Funnier yet, according to the article, the alleged Poroshenko “signature” was identical to a Google image result for Mr. Poroshenko’s signature, and the email address for Poroshenko’s alleged “press officer” was a fucking GMAIL account! *SOOO much snort!*

putinWhat in the everloving, grinning fuck, Russia? Are you really that pathetic nowadays? I mean, I realize it’s the Times and all, but still… Really?

And when caught in the hoax, this douche who identified himself as “Sergei Panfilov,” buckled and admitted to the lie, but tried to spin the story and claim that Poroshenko’s office was so upset with the editorial, that they hired him to stage the hoax.

Because, of course, admitting to keeping $500 million in offshore accounts in order to evade taxes is exactly what a Ukrainian president accused of not addressing corruption in his country would do to mitigate the situation!

I would never underestimate Russia. Really, I wouldn’t. But this monumental stupid isn’t the first time they’ve epically fucked up their propaganda efforts, and I keep wondering how anyone at the Kremlin thought this was in any way a good idea, and whether they’re now floating somewhere at the bottom of the Moscow River sporting some fashionable cement shoes and a gag.

20 responses

  1. So, how do we characterize this stunt by the Russians? Is it a mistake, or a distraction of their mistakes?

    Liked by 1 person

    1. I honestly think the jet thing is a return to Cold War provocations. There are some who actually characterize the current relations with Russia as Cold War 2.0

      Liked by 1 person

      1. Everything old is new again, I guess.


        1. History always has a way of repeating itself with slight variations.


      2. Second that. It’s definitely along the lines of, “we’re going to go right up to the line and see if you flinch” without _quite_ crossing over so as to annoy potential allies/those not yet involved.


    2. “This business will get out of control. It will get out of control, and we’ll be lucky to live through it.”


      1. I’m a bit more optimistic!


        1. Sorry ’bout that. I have MustQuoteHuntForRedOctoberItis, which isn’t in the DSM, but will be, someday. 🙂

          Liked by 1 person

  2. I like “downing of the bird”–it works better than “bird fall” which is what came immediately to my Russian as a foreign language mind. What about “crashing the birdie,” which sort of fits with his tone?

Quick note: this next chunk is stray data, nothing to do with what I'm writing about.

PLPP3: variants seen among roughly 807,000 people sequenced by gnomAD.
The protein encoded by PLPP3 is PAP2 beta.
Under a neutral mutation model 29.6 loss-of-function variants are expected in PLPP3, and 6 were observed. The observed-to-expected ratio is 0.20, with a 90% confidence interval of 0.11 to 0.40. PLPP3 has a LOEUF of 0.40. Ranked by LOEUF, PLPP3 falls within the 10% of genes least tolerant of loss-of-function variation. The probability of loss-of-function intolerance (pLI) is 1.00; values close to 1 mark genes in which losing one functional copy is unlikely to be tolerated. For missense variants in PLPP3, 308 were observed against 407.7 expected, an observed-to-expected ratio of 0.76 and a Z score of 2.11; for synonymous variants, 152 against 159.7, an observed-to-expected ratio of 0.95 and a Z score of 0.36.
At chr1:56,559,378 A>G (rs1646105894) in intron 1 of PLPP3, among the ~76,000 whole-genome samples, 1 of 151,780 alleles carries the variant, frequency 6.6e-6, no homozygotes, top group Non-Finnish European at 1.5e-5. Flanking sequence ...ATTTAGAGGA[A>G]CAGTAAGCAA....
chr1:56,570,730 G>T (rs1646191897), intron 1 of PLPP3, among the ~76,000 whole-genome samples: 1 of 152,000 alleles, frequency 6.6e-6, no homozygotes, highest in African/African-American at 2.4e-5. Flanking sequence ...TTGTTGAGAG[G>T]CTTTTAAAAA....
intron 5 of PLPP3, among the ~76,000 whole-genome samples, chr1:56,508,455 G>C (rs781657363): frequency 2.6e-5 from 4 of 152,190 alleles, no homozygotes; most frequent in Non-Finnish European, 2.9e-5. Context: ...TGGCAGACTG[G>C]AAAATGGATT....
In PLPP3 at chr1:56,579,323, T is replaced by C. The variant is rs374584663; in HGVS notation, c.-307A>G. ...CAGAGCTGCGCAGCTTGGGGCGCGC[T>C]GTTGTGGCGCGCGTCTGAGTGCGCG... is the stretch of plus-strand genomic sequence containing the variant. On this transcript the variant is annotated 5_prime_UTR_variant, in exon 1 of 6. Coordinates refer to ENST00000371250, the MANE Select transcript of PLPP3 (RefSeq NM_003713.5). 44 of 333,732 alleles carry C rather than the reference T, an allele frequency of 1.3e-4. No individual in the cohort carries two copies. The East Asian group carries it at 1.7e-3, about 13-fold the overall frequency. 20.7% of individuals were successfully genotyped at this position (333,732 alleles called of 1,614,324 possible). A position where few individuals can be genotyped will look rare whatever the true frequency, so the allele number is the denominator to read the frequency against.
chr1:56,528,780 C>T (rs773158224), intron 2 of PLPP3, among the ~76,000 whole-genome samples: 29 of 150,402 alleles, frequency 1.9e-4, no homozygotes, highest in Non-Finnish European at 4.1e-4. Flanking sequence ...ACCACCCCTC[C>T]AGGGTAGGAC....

Liked by 1 person

  3. So… I don’t get the “mistake” part. A mistake is where when you make one, bad things happen to you. Sounds to me like, so far at least, he’s impervious to the consequences of the alleged mistake.

    Liked by 1 person

    1. Well, the Russians count on their propaganda efforts as a soft power strategy. This weakens said strategy quite a bit.

      Liked by 1 person

  4. Whiskey on the rocks? (Okay, quite long time ago, but still cracks me up)


  5. “…somewhere at the bottom of the Moscow River sporting some fashionable cement shoes and a gag.”

    The executives and bureaucrats of the VA, IRS, TSA, ATFE et al. can count their lucky stars they’re not subject to that degree of accountability. (Not that they are subject to any accountability anyway.)


    1. The executives and bureaucrats of the VA, IRS, TSA, ATFE et al. can count their lucky stars they’re not subject to that degree of accountability.

      You’re assuming the people holding them to account are dissatisfied with their performance somehow. (Note, WE aren’t holding them to account, instead a bunch of lefists and dickless Republican congressfucks are doing so.)

      Liked by 1 person

  6. The Russian government was never as good at propanganda as they seemed to think. Back in the ’80s,I loved the weekly science and technology report on Radio Moscow’s English service. Between bouts of laughter, I’d ponder: Are they really so clueless to believe that is advanced, or are they trying to get the West to underestimate them by making us think they are so far behind that they think this is advanced?


  7. Hey Miss Nicki, I would like to hear your thoughts on blockading the Pregolya River when Putin attempt territorial gains. Russia has vey few year round ports in their west. The way I understand it, their global trade is dependent on warm weather ports; hence The Crimea. Why can’t NATO at least threaten to blockade Kaliningrad when Putin acts the ass?

    Appreciate your perspective.


    1. Well, the majority of their exports are energy, and they have a lot of pipelines to export that. I don’t see how we can blockade anything in their territorial waters. Kaliningrad Oblast is theirs. NATO going into their territory is an act of war. As much as we’d kick their ass, I doubt any NATO nation wants an armed conflict. It could escalate rather quickly.


      1. I don’t know of any situation where two nuclear powers ever fought each other directly. I’m sure most of Europe doesn’t want to run the experiment.


        1. Yep. During the Cold War we fought proxy wars to avoid that very scenario.